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Back in 1856, South Carolina Congressman Preston Brooks took offense to an anti-slavery speech delivered by Massachusetts abolitionist Senator Charles Sumner. Accompanied by another congressman from the Palmetto state, Laurence M. Keitt, Brooks waited until Sumner was almost alone on the floor of the Senate and then approached him. He called Sumner’s speech a “libel on South Carolina,” and then raised a thick gold-capped cane over Sumner’s head and began to strike him. Brooks continued to deliver blows to Sumner’s head until his stout cane broke and Sumner collapsed in a pool of blood on the floor. When several senators came to Sumner’s defense, Keitt brandished a pistol in their face and warned them to keep away. Sumner barely escaped with his life and was incapacitated for a full three years.
Brooks, however, became a hero to his fellow fire-breathing white South Carolinians. Dozens sent him new canes, one inscribed with the legend “Hit him again!” He died a few months later, after surviving an effort to expel him from the House. But his legacy lived on. As South Carolinians opened the first volleys of the Civil War three years later, wags up north talked of “Poor South Carolina–too small to be a country, too large to be an insane asylum.”
Judged against the Brooks and Keitt standard, South Carolina Congressman Addison Graves (“Joe”) Wilson’s disruption of President Obama’s address to a joint session of Congress last week with the words “You lie!” looks pretty pale. On the other hand, the flow of support he received from the array of birthers, tenthers, and deathers who now call the G.O.P. home seemed predictable. More than any development in recent memory, it demonstrated the inversion of the Republican Party. No longer is it a party that identifies with Lincoln and Sumner. The G.O.P. of 2009 is led by forty- and fifty-something white men with romantic (and delusional) longings for the antebellum south. Take Joe Wilson.
In 2003, Wilson attacked Strom Thurmond’s natural biracial daughter, Essie Mae Washington-Williams, saying her public acknowledgement of her parentage shortly after Thurmond’s death was “a smear” designed to “diminish Thurmond’s legacy.” Wilson launched his political career working as an aide to Senator Thurmond and has continuously held the staunch segregationist as a hero.
Now Max Blumenthal probes more deeply into Wilson’s relationship with a radical Neoconfederate organization entitled the Sons of Confederate Veterans, SCV for short:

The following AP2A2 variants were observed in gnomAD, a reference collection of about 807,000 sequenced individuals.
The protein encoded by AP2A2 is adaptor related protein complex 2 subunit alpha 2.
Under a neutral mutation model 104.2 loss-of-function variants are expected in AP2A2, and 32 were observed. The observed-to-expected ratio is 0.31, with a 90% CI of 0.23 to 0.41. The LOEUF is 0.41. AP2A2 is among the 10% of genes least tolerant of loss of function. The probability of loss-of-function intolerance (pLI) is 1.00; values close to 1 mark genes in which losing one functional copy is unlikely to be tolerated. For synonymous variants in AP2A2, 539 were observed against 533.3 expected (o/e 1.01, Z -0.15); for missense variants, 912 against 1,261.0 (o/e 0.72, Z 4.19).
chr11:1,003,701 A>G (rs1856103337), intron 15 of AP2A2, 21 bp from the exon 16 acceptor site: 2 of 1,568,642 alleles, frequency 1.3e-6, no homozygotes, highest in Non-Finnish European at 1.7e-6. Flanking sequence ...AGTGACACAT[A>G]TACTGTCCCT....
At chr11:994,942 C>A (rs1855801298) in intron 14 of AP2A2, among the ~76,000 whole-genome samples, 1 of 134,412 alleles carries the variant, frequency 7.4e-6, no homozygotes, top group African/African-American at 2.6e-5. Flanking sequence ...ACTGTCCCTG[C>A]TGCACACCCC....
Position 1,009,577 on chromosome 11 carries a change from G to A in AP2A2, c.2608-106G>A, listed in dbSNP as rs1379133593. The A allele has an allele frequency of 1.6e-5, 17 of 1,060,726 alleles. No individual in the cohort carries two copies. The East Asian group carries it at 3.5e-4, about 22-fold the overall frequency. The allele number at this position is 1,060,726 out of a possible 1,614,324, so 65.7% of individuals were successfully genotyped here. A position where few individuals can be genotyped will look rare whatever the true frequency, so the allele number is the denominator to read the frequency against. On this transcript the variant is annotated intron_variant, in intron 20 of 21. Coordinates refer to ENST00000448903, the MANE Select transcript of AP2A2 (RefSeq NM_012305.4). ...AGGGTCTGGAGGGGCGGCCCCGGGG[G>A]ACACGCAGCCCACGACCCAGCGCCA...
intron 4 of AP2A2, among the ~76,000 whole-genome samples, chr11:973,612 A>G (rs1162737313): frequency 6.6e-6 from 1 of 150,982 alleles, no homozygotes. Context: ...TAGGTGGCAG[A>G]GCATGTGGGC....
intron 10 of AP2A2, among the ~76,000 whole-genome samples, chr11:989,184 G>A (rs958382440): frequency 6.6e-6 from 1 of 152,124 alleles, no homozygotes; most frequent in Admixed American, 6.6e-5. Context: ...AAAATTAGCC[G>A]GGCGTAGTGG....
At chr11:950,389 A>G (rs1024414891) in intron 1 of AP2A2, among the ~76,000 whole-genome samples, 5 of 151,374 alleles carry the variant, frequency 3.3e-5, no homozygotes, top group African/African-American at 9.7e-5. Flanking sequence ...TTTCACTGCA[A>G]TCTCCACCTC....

Who are the SCV?… By 2006… the SCV had been substantially taken over by an organized cadre of white supremacists who sought to turn the nation’s oldest Southern historical society into what the veteran white supremacy activist Kirk Lyons called “a modern, 21st century Christian war machine capable of uniting the Confederate community and leading it to ultimate victory,” had seized much of the SCV’s leadership positions, the Southern Poverty Law Center released an extensive list of SCV officials who belonged to “hate groups.”
Lyons, a key member of this new leadership, had harbored dreams of creating a seemingly benign front group for a more sophisticated version of the Ku Klux Klan. “I have great respect for the Klan historically, but, sadly the Klan today is ineffective and sometimes even destructive,” Lyons told a German neo-Nazi magazine in 1992. “It would be good if the Klan followed the advice of former Klansman Robert Miles: ‘Become invisible. Hang the robes and hoods in the cupboard and become an underground organization.’” With the SCV, Lyons discovered he didn’t have to go underground after all. Once Lyons helped install his close friend, Ron Wilson, as president of the SCV, the organization’s political newsletter, The Southern Mercury, was transformed into a propaganda mill for crude white supremacist cant. Mailed to all dues-paying members of the SCV until it folded in 2008, the Mercury published articles describing blacks as genetically inferior to whites, calling African-Americans as “a childlike people,” and warned that if Obama runs for re-election, race riots of an “exceedingly violent nature” would immediately ensue, leaving “entire sections of some of our cities in ruins.”
No doubt about it. Preston Brooks would approve. And so, evidently, does Joe Wilson.
More from Scott Horton:
Conversation — August 5, 2016, 12:08 pm
Sidney Blumenthal on the origins of the Republican Party, the fallout from Clinton’s emails, and his new biography of Abraham Lincoln
Conversation — March 30, 2016, 3:44 pm
Joseph Hickman discusses his new book, The Burn Pits, which tells the story of thousands of U.S. soldiers who, after returning from Iraq and Afghanistan, have developed rare cancers and respiratory diseases.
Minutes after a tornado hit Shiloh, Illinois, in April that the town’s warning siren sounded:
A bowl of 4,000-year-old noodles was found in northwestern China; and a spokesman for the Chinese Academy of Sciences said that “this is the earliest empirical evidence of noodles ever found.”
Rodrigo Duterte, the president of the Philippines, announced that he has ordered the country’s navy and coast guard to bomb the ships of kidnappers even if civilian hostages are on board.
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"It is an interesting and somewhat macabre parlor game to play at a large gathering of one’s acquaintances: to speculate who in a showdown would go Nazi. By now, I think I know. I have gone through the experience many times—in Germany, in Austria, and in France. I have come to know the types: the born Nazis, the Nazis whom democracy itself has created, the certain-to-be fellow-travelers. And I also know those who never, under any conceivable circumstances, would become Nazis."